Most people in Texas and across the country spend a large part of their lives planning for their retirement. In an ideal situation, a person has more than enough to provide support throughout his or her retirement with perhaps even some leftover to leave to beneficiaries. However, some professionals warn that the recently passed Secure Act could have a significant impact on those anticipating an IRA inheritance.
Before the law went into effect, beneficiaries who were not married to the owner of the IRA had the option of withdrawing only the required minimum distribution, calculated based on several factors, such as the recipient’s age, which reduced the tax burden. In some cases, a benefactor might use a trust to pass the IRA to beneficiaries and including a provision that the latter are only allowed to withdraw the required minimum distribution to protect the asset from being wasted. However, there are no required minimum distributions under the new law for inherited IRAs, and other forms of retirement accounts, until 10 years have passed and the beneficiary is required to withdraw all funds and close the account.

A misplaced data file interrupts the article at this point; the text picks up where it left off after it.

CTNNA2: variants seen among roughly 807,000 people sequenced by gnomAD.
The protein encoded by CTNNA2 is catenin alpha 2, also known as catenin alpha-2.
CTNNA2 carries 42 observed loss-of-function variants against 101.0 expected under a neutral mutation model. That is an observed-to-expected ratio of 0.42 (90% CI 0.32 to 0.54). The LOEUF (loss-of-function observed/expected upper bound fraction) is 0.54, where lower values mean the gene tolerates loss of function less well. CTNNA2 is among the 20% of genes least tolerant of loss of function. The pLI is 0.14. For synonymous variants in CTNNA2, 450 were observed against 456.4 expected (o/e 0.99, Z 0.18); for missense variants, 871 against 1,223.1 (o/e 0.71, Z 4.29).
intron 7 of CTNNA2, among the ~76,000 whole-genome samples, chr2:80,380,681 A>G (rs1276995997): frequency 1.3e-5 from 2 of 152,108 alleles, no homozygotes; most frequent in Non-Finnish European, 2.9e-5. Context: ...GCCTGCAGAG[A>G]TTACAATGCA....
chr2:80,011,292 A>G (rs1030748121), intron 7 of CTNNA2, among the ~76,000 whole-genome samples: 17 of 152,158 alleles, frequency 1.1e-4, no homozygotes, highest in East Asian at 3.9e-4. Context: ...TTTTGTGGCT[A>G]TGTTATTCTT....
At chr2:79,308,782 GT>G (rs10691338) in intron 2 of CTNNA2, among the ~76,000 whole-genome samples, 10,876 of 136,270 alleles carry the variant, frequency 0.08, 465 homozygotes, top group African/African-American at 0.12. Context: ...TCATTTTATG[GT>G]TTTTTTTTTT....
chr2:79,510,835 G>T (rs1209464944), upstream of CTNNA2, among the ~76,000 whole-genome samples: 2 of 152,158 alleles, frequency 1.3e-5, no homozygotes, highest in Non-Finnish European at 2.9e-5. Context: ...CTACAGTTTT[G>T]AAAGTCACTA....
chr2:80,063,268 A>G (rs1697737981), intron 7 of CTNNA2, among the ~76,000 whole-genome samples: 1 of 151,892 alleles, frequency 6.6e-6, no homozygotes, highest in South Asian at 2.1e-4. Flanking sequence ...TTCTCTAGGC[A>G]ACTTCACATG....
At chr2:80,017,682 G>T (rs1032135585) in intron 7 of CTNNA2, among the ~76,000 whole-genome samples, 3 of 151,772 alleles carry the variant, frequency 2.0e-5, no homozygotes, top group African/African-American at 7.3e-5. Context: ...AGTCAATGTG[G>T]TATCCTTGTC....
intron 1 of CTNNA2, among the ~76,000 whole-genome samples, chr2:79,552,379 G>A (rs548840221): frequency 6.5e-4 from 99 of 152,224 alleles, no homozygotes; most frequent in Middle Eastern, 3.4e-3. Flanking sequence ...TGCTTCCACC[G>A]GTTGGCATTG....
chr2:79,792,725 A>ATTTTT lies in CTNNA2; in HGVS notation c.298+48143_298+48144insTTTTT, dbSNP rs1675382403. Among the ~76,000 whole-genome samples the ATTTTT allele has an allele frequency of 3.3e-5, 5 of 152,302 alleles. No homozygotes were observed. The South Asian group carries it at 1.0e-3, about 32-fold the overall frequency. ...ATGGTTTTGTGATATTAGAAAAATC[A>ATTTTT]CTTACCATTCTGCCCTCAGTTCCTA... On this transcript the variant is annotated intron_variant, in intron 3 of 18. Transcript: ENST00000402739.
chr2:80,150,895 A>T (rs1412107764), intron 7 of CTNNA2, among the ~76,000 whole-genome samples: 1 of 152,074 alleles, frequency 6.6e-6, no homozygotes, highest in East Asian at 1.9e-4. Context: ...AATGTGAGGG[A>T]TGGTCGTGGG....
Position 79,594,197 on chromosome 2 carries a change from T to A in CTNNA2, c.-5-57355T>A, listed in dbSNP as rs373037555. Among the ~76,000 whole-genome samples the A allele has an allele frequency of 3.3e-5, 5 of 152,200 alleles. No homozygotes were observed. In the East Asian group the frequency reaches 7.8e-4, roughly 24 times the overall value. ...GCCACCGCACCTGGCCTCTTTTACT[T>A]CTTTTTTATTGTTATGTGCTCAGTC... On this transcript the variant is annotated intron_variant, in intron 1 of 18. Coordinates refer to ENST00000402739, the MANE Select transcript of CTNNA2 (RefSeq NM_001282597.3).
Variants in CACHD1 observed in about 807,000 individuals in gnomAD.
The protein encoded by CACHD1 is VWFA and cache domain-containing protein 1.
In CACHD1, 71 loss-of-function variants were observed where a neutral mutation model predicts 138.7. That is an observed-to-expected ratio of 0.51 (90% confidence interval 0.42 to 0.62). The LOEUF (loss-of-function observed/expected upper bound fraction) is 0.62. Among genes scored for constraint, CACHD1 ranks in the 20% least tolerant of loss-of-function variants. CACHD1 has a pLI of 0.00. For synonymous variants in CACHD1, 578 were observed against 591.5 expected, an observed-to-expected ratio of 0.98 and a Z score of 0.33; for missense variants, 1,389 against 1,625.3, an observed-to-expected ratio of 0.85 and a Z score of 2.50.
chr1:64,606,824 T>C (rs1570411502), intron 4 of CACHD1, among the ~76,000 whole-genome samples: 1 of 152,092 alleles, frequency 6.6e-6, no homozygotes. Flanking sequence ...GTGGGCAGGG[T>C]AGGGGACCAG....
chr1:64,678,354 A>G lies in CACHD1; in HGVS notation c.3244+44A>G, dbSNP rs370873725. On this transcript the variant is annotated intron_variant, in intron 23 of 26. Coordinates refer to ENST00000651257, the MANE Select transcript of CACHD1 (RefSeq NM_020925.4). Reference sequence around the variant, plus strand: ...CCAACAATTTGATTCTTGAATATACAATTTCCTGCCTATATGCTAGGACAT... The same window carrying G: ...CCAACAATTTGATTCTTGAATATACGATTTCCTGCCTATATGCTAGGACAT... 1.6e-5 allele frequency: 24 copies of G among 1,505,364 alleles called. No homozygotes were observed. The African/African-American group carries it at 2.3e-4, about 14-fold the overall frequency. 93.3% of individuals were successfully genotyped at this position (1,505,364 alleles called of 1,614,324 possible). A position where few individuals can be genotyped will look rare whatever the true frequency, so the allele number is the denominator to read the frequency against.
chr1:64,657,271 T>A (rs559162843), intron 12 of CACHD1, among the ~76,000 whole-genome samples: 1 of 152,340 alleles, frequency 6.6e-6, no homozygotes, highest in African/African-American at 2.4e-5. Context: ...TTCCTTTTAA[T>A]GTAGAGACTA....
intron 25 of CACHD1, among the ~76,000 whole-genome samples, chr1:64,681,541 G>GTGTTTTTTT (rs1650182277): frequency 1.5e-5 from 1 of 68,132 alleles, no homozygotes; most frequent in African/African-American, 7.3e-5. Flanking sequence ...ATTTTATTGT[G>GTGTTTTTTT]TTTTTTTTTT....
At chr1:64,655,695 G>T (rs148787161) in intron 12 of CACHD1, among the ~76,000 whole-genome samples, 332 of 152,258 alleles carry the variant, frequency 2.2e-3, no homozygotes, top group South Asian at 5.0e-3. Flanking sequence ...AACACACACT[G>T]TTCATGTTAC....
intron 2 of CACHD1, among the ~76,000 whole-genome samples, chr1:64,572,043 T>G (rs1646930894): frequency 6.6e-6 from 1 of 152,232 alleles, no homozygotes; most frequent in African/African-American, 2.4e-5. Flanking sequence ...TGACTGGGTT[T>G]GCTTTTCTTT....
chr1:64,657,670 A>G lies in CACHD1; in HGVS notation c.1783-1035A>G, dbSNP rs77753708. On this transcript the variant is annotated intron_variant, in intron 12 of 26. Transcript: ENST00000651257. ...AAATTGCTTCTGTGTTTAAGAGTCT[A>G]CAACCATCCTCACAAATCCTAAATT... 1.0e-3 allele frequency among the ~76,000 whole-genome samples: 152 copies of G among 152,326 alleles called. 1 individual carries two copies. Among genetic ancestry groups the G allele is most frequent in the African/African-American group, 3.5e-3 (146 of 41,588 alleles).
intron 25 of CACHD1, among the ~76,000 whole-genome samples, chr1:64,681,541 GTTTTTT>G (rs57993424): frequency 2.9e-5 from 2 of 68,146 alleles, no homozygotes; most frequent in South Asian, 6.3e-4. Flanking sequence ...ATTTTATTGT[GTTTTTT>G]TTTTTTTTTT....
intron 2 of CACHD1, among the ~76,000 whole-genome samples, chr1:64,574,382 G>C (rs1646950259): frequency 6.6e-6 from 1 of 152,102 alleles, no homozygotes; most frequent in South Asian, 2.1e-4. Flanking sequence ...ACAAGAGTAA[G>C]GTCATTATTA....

If there is a provision in place limiting the beneficiary to only required minimum distributions, he or she will not have access to the funds for 10 years because no such requirement is present until that time. Additionally, the funds will be taxed at the beneficiary’s tax bracket. This new law does not affect beneficiaries who are spouses, those already taking required minimum distributions, minor children or people with disabilities.
The goal for most benefactors in Texas is to leave their assets to someone close to them. However, the Secure Act could potentially undermine their good intentions. As such, reviewing estate planning documents can help ensure that the IRA inheritance they plan to leave their beneficiaries will be passed down as planned. Doing so can help avoid assets that are excessively taxed.